Living Standards

Part of Opposition Day — [Un-allotted Day] – in the House of Commons at 4:49 pm on 30th November 2011.

Alert me about debates like this

Photo of Robert Syms Robert Syms Chair, Regulatory Reform Committee, Chair, Regulatory Reform Committee 4:49 pm, 30th November 2011

Yes, partly because of that. Traditionally in Britain it has been about 40%, so that gave the Government some room for manoeuvre. Any Government in office would have had a large increase in its deficit given what hit them in 2007 and 2008. There is no great argument about that and, as someone sitting on the other side of the Chamber, I think that many of the things that Mr Darling did were beneficial in trying to maintain a fragile economic situation.

Having said that, we cannot continue to increase debt year on year at the rate we were in 2009, 2010 and 2011 or we will overwhelm the British economy. The worst thing for our constituents is not paying tax; it is paying tax to pay interest on money being borrowed from someone else. The Government had to make a judgment, and their judgment was to set out an economic policy gradually to reduce our debt over five to seven years to a level that, once it tops off in 2016-17, can then start to be brought back to the level of more normal years, which is about 40% of GDP. In an environment in which the world was growing rapidly, that would be easier. In an environment in which the eurozone is blowing up, and there are high fuel and food prices, it becomes much more difficult. That is part of the problem for the Government in the short term. It is events—it is what is happening around the world.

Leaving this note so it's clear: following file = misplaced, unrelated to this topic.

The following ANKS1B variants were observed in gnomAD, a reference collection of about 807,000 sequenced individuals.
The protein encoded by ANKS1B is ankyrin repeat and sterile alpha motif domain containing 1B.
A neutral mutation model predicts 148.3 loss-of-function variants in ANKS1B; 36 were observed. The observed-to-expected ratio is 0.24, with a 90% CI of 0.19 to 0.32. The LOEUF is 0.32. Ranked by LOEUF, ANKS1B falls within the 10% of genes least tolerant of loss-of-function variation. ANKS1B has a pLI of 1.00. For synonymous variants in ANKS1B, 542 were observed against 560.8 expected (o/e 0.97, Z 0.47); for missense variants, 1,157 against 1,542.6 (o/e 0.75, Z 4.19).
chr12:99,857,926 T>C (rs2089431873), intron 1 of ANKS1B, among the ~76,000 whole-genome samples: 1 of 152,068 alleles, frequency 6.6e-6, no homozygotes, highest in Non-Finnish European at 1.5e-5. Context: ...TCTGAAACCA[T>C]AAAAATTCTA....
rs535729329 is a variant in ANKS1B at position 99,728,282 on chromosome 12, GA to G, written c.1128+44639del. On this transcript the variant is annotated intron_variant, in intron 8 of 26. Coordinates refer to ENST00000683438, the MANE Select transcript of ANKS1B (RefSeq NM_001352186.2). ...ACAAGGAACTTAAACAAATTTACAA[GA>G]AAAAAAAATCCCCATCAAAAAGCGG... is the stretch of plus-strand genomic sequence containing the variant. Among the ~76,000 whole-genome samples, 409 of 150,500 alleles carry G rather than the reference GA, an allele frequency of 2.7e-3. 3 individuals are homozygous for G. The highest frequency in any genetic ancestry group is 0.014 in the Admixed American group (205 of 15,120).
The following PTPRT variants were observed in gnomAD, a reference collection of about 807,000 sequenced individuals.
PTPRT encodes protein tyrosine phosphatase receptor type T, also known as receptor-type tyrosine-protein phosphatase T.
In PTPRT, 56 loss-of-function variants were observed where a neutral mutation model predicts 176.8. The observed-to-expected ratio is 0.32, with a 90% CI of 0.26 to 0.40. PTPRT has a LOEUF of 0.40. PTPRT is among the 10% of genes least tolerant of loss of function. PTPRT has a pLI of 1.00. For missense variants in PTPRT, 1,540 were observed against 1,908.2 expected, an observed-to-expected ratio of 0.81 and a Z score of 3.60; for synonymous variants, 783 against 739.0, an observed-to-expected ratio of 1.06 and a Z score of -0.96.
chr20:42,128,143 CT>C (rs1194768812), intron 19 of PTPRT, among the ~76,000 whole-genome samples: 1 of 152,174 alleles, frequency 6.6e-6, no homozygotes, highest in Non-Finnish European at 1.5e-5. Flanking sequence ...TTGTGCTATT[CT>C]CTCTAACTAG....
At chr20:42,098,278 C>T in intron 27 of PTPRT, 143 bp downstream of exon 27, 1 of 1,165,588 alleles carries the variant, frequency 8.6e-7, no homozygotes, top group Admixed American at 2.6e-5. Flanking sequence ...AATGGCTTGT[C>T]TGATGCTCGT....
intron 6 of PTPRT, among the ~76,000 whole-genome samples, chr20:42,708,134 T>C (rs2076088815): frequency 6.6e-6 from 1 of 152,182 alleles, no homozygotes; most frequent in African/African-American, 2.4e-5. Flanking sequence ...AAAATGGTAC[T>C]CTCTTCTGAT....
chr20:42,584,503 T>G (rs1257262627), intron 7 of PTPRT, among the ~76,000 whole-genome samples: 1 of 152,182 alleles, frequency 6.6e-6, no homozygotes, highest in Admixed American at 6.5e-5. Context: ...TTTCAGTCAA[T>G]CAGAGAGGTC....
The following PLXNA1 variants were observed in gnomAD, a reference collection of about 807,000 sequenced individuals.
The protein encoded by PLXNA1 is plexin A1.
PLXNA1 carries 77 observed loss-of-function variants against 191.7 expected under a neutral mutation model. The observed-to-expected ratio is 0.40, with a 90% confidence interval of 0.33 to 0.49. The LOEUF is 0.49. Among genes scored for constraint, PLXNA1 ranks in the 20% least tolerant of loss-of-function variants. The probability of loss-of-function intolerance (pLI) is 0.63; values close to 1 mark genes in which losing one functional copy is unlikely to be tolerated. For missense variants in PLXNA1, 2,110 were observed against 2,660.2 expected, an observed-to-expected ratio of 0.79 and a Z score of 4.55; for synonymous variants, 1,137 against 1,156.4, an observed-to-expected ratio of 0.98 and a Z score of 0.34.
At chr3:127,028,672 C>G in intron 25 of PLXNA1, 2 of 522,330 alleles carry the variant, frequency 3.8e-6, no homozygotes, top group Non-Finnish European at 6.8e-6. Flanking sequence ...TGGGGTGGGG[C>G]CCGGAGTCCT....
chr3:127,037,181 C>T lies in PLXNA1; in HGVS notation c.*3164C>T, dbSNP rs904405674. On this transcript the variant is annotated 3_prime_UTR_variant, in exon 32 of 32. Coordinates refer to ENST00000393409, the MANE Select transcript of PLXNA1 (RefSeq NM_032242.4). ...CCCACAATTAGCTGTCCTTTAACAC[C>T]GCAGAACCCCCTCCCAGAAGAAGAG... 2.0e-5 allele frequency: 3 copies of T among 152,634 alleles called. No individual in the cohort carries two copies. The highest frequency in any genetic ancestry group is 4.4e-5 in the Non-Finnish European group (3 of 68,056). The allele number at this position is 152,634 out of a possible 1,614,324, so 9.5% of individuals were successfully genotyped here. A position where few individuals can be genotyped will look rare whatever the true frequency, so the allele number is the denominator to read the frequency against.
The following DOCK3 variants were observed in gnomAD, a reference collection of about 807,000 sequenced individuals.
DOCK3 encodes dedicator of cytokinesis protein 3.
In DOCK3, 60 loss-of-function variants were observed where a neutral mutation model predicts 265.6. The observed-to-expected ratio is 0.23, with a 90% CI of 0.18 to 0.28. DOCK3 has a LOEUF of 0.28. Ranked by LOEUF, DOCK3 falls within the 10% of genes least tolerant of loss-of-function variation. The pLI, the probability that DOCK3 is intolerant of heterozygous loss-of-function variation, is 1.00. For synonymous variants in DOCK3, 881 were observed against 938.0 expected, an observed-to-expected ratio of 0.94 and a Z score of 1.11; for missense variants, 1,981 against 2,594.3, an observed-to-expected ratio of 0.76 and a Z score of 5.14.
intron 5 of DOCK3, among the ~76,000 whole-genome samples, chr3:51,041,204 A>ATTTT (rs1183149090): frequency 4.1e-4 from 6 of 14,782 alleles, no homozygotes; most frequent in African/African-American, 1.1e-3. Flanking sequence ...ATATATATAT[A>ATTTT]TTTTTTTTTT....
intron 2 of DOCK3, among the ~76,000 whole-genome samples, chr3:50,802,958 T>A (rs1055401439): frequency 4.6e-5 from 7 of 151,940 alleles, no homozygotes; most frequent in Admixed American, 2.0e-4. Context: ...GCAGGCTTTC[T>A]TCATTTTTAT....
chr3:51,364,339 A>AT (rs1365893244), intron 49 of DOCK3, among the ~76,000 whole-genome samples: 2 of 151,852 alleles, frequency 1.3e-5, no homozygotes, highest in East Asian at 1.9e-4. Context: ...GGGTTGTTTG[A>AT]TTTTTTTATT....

There is nothing surprising about where the Government are. Sticking with the policy is perfectly sensible, but things do not go in a straight line in economics, and there will be OBR forecasts and Budgets where the figures for debt increase, and some where they decrease. It will depend to some extent on world events.